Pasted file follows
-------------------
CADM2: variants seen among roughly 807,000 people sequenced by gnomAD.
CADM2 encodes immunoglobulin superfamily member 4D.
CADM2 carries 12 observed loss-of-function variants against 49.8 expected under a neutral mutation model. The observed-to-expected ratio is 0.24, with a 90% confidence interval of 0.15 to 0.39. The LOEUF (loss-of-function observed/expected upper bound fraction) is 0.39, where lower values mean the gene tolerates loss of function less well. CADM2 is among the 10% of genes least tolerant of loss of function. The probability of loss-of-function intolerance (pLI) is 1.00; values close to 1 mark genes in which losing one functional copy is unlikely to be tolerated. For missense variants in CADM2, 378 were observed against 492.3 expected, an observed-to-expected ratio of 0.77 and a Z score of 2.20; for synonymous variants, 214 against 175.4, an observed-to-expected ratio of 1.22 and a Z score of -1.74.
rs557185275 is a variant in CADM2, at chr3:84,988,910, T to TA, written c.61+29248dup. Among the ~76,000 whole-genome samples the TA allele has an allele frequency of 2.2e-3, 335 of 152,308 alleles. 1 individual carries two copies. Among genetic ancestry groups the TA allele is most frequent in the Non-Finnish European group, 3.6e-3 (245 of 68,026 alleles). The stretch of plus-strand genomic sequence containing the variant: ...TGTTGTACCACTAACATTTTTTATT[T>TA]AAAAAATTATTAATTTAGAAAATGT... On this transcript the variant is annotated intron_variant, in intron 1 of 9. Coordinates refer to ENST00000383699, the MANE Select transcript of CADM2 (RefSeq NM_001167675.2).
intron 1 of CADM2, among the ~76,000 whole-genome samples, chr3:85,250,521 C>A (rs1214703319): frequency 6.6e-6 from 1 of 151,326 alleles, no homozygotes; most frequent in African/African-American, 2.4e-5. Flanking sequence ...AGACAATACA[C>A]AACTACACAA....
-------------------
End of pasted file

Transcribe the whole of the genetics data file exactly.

CADM2: variants seen among roughly 807,000 people sequenced by gnomAD.
CADM2 encodes immunoglobulin superfamily member 4D.
CADM2 carries 12 observed loss-of-function variants against 49.8 expected under a neutral mutation model. The observed-to-expected ratio is 0.24, with a 90% confidence interval of 0.15 to 0.39. The LOEUF (loss-of-function observed/expected upper bound fraction) is 0.39, where lower values mean the gene tolerates loss of function less well. CADM2 is among the 10% of genes least tolerant of loss of function. The probability of loss-of-function intolerance (pLI) is 1.00; values close to 1 mark genes in which losing one functional copy is unlikely to be tolerated. For missense variants in CADM2, 378 were observed against 492.3 expected, an observed-to-expected ratio of 0.77 and a Z score of 2.20; for synonymous variants, 214 against 175.4, an observed-to-expected ratio of 1.22 and a Z score of -1.74.
rs557185275 is a variant in CADM2, at chr3:84,988,910, T to TA, written c.61+29248dup. Among the ~76,000 whole-genome samples the TA allele has an allele frequency of 2.2e-3, 335 of 152,308 alleles. 1 individual carries two copies. Among genetic ancestry groups the TA allele is most frequent in the Non-Finnish European group, 3.6e-3 (245 of 68,026 alleles). The stretch of plus-strand genomic sequence containing the variant: ...TGTTGTACCACTAACATTTTTTATT[T>TA]AAAAAATTATTAATTTAGAAAATGT... On this transcript the variant is annotated intron_variant, in intron 1 of 9. Coordinates refer to ENST00000383699, the MANE Select transcript of CADM2 (RefSeq NM_001167675.2).
intron 1 of CADM2, among the ~76,000 whole-genome samples, chr3:85,250,521 C>A (rs1214703319): frequency 6.6e-6 from 1 of 151,326 alleles, no homozygotes; most frequent in African/African-American, 2.4e-5. Flanking sequence ...AGACAATACA[C>A]AACTACACAA....